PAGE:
Meet Martin, a man who is legally married to his wife with whom they have five children but there is more to him than meets the eye. Unbeknownst to most, he divides his time between his family, Kenyan and European boyfriends.

Martin, 37, spends four days a week with his wife and family, and three with his Kenyan lover. However, both are set aside when the European jets into the country.

“My wife and partner always think I am out of town for some business. They do not know I am traversing the country with my European guy.” 

Martin cannot bring himself to leave the European, who he says has changed his life.

Born to a polygamous family, Martin, one of a dozen children, felt different at the age of 12. “I was raised in the church as an altar boy, but I guess it was not meant for me,” he said.

In Standard Seven, he slept with a classmate at his father’s home. His father found them and the classmate accused Martin of seducing him.

Martin was disowned by his family. He moved to Mombasa where he briefly stayed with his aunt before going “commercial” on the streets.

“I was getting money but most clients abused me because I was naive and I could not negotiate my terms.”

To keep his gay life a secret, Martin got married in the church and get this, his male lover was his best man. His wife eventually caught wind of his other life when rumours started flying around the neighbourhood.

She had a problem with my sexuality but we had to come to an [understanding]. She accepted me for whom I am,” Martin said.

“My sexual preferences have remained a [secret] between me and my wife and no one will ever find out. I would understand if she cheats on me with another man.”

Martin later discovered he had contracted HIV but luckily never infected his wife. He has kept his double life hidden from his children.

I dread the day my children will tell me they are gay. It will break my heart because it is a tough life and I would not want them to go through what I went through,” Martin said.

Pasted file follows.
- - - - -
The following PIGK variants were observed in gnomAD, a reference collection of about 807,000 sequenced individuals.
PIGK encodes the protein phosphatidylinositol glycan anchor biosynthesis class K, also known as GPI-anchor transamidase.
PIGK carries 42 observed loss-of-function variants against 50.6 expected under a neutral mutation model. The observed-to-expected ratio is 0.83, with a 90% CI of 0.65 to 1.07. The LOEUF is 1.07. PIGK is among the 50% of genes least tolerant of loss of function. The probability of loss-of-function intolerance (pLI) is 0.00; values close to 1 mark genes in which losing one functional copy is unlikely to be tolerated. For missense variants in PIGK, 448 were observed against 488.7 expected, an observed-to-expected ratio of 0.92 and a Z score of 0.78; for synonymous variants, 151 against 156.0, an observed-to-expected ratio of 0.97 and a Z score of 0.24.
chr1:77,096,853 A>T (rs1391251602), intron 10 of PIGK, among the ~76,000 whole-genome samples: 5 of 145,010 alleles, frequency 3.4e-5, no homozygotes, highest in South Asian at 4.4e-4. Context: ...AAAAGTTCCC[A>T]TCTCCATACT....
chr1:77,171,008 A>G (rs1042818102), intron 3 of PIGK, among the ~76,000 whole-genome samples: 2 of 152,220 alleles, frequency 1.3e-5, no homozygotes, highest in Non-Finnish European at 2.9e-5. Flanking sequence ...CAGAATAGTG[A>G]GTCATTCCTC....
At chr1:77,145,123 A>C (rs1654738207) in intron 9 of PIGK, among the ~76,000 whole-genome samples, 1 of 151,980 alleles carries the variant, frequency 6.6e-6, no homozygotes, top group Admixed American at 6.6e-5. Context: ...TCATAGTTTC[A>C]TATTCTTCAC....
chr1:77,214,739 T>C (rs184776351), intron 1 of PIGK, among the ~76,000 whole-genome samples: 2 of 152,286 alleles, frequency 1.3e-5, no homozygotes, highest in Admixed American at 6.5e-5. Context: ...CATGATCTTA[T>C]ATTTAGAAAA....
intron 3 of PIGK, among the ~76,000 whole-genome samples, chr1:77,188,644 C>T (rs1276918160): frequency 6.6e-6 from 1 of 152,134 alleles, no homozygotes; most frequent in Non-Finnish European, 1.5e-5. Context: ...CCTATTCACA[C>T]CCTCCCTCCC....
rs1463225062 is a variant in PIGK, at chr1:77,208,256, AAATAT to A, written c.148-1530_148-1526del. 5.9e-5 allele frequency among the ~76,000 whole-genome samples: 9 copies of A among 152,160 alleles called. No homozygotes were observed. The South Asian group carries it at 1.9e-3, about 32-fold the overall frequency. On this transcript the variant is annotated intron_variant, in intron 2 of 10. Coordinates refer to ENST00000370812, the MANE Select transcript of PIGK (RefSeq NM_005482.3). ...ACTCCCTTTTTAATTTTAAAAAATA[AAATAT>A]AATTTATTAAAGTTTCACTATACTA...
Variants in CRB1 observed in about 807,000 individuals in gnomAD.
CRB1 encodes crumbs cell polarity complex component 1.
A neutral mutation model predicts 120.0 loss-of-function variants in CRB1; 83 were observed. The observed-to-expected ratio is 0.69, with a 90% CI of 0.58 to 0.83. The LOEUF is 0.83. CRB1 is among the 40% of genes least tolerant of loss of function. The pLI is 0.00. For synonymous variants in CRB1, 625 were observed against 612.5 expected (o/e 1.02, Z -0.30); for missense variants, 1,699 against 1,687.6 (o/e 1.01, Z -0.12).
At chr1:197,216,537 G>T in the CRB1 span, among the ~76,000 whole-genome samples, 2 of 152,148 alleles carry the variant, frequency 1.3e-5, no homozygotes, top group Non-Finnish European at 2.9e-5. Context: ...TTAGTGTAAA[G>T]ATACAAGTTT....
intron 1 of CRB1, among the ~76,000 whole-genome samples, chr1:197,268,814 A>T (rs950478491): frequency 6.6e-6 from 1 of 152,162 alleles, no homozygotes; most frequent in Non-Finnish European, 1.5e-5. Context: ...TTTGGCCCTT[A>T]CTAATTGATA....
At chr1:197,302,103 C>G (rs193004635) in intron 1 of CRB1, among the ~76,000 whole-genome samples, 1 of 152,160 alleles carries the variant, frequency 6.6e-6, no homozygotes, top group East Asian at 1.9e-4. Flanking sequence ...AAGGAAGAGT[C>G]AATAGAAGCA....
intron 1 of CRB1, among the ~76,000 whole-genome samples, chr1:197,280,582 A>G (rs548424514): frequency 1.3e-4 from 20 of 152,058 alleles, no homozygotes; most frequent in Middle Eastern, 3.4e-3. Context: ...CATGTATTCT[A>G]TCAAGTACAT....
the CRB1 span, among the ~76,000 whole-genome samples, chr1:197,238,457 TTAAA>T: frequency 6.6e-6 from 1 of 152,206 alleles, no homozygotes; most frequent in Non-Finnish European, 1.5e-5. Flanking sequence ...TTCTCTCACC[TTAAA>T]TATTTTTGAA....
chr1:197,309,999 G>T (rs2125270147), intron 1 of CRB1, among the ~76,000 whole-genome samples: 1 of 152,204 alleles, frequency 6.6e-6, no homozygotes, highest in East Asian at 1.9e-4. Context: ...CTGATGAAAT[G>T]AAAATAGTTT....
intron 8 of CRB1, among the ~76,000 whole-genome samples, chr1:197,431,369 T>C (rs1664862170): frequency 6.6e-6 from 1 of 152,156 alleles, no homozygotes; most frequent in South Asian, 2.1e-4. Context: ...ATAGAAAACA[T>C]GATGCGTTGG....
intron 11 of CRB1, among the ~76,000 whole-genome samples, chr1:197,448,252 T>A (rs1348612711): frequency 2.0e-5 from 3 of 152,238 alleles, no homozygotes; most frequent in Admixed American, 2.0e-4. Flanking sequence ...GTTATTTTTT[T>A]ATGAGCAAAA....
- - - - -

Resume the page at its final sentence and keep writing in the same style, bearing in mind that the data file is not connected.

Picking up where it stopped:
“I would pay to get medicine that will make me whole because it is not easy to lead a double life just to satisfy your sexual urges [and keep] society [happy].”

 

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Homosexuality is illegal in Kenya. If found guilty, one can be jailed for between 8 to 13 years.

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However, for homosexuality (or sodomy as the Kenyan legal system defines it), only an anal examination can prove that one engaged in the activity.

In a landmark ruling in March, three Court of Appeal judges ruled that it is illegal to compel men to undergo anal tests to determine whether they engaged in homosexual acts.

The court ruled that orders by the High Court to have two men tested was unconstitutional and a violation of their human rights. The lower court ruling was overturned.

In February 2016 Caleb Omar Idris and George Maina Njeri were arrested in Kwale on suspicion of having sex. An anal exam was ordered to obtain evidence. They were charged in a magistrate’s court.

They moved to the High Court in Mombasa to contest using the examination results as evidence. Judge Anyara Emukhule dismissed their application and allowed the test to proceed on grounds the procedure and examination were lawful and within the confines of the Constitution.

Kenya National Muslim Advisory Council chairman Sheikh Juma Ngao says gayism is against the African culture and religion. “The holy Koran, even the Bible, does not support homosexuality. Why should we entertain it?” he said.

Ngao said it’s dishonourable for gay men to marry women to hide their secret life.

“You not only dirty yourself but also the woman whom you have married,” 

Ngao said a woman should report to religious leaders if she finds out her husband is gay.

He said Islam allows a woman in such a situation to divorce the husband. Ngao said a woman who willingly stays in a relationship with a gay man having found out about his sexual preferences, is also a sinner.

The Star.

MPASHO TV